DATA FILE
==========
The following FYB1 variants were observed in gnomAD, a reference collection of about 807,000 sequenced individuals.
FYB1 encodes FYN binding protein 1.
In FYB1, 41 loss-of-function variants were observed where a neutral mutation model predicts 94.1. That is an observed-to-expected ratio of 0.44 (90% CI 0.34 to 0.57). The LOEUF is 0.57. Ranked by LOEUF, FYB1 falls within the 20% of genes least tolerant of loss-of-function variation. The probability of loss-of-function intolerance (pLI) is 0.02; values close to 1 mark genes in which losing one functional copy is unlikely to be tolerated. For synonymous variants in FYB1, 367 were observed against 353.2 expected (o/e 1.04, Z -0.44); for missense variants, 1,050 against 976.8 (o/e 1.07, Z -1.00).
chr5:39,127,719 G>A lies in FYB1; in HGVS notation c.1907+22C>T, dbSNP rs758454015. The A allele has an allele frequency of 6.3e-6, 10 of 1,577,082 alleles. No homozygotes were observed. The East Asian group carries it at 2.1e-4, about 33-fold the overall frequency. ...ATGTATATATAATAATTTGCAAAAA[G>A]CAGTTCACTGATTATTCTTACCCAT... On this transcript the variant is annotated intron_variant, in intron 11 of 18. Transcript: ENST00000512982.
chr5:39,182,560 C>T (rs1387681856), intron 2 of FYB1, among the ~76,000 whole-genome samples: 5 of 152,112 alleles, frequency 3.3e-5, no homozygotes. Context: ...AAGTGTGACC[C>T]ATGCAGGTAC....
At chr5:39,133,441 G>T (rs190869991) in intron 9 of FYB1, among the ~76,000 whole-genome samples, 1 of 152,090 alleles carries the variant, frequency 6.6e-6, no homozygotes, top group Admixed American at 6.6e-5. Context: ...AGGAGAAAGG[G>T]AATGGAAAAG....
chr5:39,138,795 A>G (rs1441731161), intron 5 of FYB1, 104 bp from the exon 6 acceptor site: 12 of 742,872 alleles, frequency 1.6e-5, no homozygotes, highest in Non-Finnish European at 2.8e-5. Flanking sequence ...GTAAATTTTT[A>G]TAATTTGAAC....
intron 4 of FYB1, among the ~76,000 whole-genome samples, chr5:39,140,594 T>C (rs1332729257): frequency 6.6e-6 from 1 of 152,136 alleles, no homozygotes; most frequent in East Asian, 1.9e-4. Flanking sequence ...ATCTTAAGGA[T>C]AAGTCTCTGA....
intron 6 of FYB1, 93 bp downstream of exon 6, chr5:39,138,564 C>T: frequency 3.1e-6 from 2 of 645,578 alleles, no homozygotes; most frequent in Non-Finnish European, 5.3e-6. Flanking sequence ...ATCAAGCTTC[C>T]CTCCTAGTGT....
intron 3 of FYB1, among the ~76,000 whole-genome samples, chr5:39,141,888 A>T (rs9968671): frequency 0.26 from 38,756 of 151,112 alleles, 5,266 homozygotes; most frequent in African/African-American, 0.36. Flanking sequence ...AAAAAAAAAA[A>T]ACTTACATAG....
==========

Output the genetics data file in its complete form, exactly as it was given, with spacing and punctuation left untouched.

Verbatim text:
The following FYB1 variants were observed in gnomAD, a reference collection of about 807,000 sequenced individuals.
FYB1 encodes FYN binding protein 1.
In FYB1, 41 loss-of-function variants were observed where a neutral mutation model predicts 94.1. That is an observed-to-expected ratio of 0.44 (90% CI 0.34 to 0.57). The LOEUF is 0.57. Ranked by LOEUF, FYB1 falls within the 20% of genes least tolerant of loss-of-function variation. The probability of loss-of-function intolerance (pLI) is 0.02; values close to 1 mark genes in which losing one functional copy is unlikely to be tolerated. For synonymous variants in FYB1, 367 were observed against 353.2 expected (o/e 1.04, Z -0.44); for missense variants, 1,050 against 976.8 (o/e 1.07, Z -1.00).
chr5:39,127,719 G>A lies in FYB1; in HGVS notation c.1907+22C>T, dbSNP rs758454015. The A allele has an allele frequency of 6.3e-6, 10 of 1,577,082 alleles. No homozygotes were observed. The East Asian group carries it at 2.1e-4, about 33-fold the overall frequency. ...ATGTATATATAATAATTTGCAAAAA[G>A]CAGTTCACTGATTATTCTTACCCAT... On this transcript the variant is annotated intron_variant, in intron 11 of 18. Transcript: ENST00000512982.
chr5:39,182,560 C>T (rs1387681856), intron 2 of FYB1, among the ~76,000 whole-genome samples: 5 of 152,112 alleles, frequency 3.3e-5, no homozygotes. Context: ...AAGTGTGACC[C>T]ATGCAGGTAC....
At chr5:39,133,441 G>T (rs190869991) in intron 9 of FYB1, among the ~76,000 whole-genome samples, 1 of 152,090 alleles carries the variant, frequency 6.6e-6, no homozygotes, top group Admixed American at 6.6e-5. Context: ...AGGAGAAAGG[G>T]AATGGAAAAG....
chr5:39,138,795 A>G (rs1441731161), intron 5 of FYB1, 104 bp from the exon 6 acceptor site: 12 of 742,872 alleles, frequency 1.6e-5, no homozygotes, highest in Non-Finnish European at 2.8e-5. Flanking sequence ...GTAAATTTTT[A>G]TAATTTGAAC....
intron 4 of FYB1, among the ~76,000 whole-genome samples, chr5:39,140,594 T>C (rs1332729257): frequency 6.6e-6 from 1 of 152,136 alleles, no homozygotes; most frequent in East Asian, 1.9e-4. Flanking sequence ...ATCTTAAGGA[T>C]AAGTCTCTGA....
intron 6 of FYB1, 93 bp downstream of exon 6, chr5:39,138,564 C>T: frequency 3.1e-6 from 2 of 645,578 alleles, no homozygotes; most frequent in Non-Finnish European, 5.3e-6. Flanking sequence ...ATCAAGCTTC[C>T]CTCCTAGTGT....
intron 3 of FYB1, among the ~76,000 whole-genome samples, chr5:39,141,888 A>T (rs9968671): frequency 0.26 from 38,756 of 151,112 alleles, 5,266 homozygotes; most frequent in African/African-American, 0.36. Flanking sequence ...AAAAAAAAAA[A>T]ACTTACATAG....